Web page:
In my simple-minded way, I realized there was something seriously wrong with this concept.  I tried to break it down to see if there might be some way I could excuse God.  But the more I thought about it, the worse the problem became.  First of all, if man is created in the image and likeness of God, he must, of necessity, possess the attributes of God.  Well, we know what Man is and, if he is subject to temptation as this story clearly states, then we must assume that God is also subject to temptation.

At the same time, if the “Fallen Angel” was also a created being, as it must have been, what was the model for its creation?  Further, if God is All Powerful and Perfect, how could any creation of His, be it angel or man, possess attributes of evil of any kind unless the creator Himself possessed those attributes?  That was a terrifying thought.  An all-powerful God with human whims or evil proclivities?  Perish the thought!

Even the explanation that man was given “Free Will” to choose God, which was the answer I was given to this question, didn’t satisfy me because in the implied “image of God,” man’s free will would lead toward perfection and good in all cases!

If God were, in fact, an all-knowing creator, perfect in knowledge and foresight, He would have known the outcome of His act of Creation.  If that is the case, and He did it anyway, then we are merely playing pieces in a great Cosmic game – a joke – with mankind as the punch line.

It amounts to this: if God is, in fact, the Loving Father of All, then many humans are better parents than He, for they would certainly know better than to place their children in a situation fraught with temptation, unprepared and unwarned.  And, furthermore, had such a scenario unfolded, the loving parent would certainly not inflict punishment out of all proportion to the offense!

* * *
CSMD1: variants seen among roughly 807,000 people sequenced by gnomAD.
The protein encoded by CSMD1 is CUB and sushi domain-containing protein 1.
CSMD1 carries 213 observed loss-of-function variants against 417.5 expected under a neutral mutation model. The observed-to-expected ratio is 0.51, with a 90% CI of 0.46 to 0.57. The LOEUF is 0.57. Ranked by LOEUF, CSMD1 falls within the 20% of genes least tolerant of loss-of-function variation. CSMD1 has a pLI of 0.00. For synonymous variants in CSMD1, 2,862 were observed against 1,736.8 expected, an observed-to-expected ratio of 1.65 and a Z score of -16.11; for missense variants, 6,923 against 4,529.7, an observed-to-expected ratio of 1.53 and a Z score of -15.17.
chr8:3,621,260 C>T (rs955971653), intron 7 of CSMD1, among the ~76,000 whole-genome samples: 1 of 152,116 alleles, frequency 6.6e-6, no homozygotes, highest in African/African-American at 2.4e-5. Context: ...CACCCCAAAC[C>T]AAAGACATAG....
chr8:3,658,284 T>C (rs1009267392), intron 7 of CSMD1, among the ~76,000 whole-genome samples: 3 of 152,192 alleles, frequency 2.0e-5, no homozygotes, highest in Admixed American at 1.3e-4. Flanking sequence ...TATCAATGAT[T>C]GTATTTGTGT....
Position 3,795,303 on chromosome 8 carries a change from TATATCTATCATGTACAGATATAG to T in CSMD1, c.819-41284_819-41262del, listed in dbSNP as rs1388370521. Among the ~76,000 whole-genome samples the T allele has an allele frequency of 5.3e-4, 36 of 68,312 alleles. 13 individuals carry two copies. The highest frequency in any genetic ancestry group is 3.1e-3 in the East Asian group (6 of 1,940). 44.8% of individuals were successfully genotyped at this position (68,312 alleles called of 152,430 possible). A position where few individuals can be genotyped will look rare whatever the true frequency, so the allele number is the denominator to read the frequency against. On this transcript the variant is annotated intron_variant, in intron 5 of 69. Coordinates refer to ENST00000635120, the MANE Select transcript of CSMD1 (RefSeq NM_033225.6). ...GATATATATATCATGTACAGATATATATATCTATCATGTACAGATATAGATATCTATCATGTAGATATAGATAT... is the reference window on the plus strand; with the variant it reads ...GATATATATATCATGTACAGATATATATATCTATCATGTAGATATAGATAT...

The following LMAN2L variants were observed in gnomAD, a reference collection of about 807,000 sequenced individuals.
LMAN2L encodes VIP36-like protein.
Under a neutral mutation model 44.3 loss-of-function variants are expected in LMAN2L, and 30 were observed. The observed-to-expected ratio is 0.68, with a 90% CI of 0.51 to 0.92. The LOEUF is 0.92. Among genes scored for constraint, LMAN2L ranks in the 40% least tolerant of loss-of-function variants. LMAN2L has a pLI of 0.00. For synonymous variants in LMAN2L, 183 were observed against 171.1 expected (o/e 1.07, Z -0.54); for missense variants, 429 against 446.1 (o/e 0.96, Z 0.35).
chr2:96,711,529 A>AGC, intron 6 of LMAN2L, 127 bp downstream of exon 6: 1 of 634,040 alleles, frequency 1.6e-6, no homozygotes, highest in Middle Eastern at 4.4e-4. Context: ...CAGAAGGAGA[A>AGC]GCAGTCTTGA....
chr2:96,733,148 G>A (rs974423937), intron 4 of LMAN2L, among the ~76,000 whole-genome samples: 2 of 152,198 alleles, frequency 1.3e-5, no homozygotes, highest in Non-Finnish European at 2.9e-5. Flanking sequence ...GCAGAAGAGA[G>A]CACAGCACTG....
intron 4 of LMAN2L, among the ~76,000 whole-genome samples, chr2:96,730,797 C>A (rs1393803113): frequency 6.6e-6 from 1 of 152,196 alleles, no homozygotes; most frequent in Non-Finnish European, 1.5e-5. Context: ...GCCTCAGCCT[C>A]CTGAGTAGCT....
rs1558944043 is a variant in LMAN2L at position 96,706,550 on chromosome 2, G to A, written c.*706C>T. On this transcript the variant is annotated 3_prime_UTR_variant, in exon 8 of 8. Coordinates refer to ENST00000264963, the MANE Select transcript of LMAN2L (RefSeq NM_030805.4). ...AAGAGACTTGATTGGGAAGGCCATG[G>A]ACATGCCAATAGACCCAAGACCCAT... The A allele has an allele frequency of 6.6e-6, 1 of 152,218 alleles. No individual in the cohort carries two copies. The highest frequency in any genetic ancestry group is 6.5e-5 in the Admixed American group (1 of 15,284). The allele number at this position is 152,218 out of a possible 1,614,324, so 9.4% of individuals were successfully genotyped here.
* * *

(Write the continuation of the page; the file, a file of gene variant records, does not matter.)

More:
The Sunday school teachers tried to explain to me that “Man was warned!” Well, that’s all fine and good, but he was not warned against subterfuge and trickery.  He was supposedly a perfect man, set down in a perfect creation, but it was not truly perfect because evil was allowed to exist in it.  And that point really grabbed me.  We never are informed why this Evil happened to be there; it is as though it was “part” of the creation from the beginning.  Nevertheless, this evil was able to Trick the perfect man and woman, and, as a result, countless billions of human beings have suffered untold miseries -both rich and poor, strong and weak, old and young -year after miserable year for countless centuries.

Is that the best God can do in his role of Perfect loving Father?

Now, you have to realize that I was pretty distressed by the fact that I was even questioning God.  In the faith of my family, the role was “God said it, I believe it, and that settles it!” It was a closed, comfortable system with no ambiguities.  And I could see that, in principle, the system was a good one: it taught people to be kind, honest, sacrificing of personal comfort for others, loyal and so forth.  Devotion to these values, even if actual practice of them was sometimes problematical, was a hallmark of the faith along with confidence in the “rightness” of our belief.  But, as I struggled with this issue, it was becoming increasingly clear that nothing could be allowed to challenge the system.

This troubled me.  Was it so fragile that it couldn’t withstand questions and challenges?  What was being hidden from me?  Why was everyone so evasive when I started asking my questions?

The next problem concerned different versions of this belief system.  As it happened, my aunt – the one who married my mother’s brother – was Catholic.  At some point in my early childhood, my other aunt, my mother’s sister, had converted to Catholicism.  This was considered to be a great blow to the family, steeped for generations in Protestant theology.

My mother constantly remarked on my aunts’ Catholicism as though it were demon possession.  I had been forbidden to play with Hetty, my circus friend, partly because she was Catholic.  It was obvious that others in the family also held Catholicism to be some sort of major doctrinal error that could lead directly to damnation, though they were not as vocal about it as Mother was.  At the same time, during all of my interactions with my cousins, I was repeatedly informed by them that Protestants were the damned ones because Catholicism was the one “true religion”.

This produced some confusion because, as I have said, my aunt was always very kind to me and even though I loved my mother and grandmother, I could see their treatment of my aunt, or, at the very least, their attitude toward her, was less than “Christian”.  Her attitude toward them was far more “Christian,” even though she was the one who was supposed to be damned!  All I could do was observe.  And question.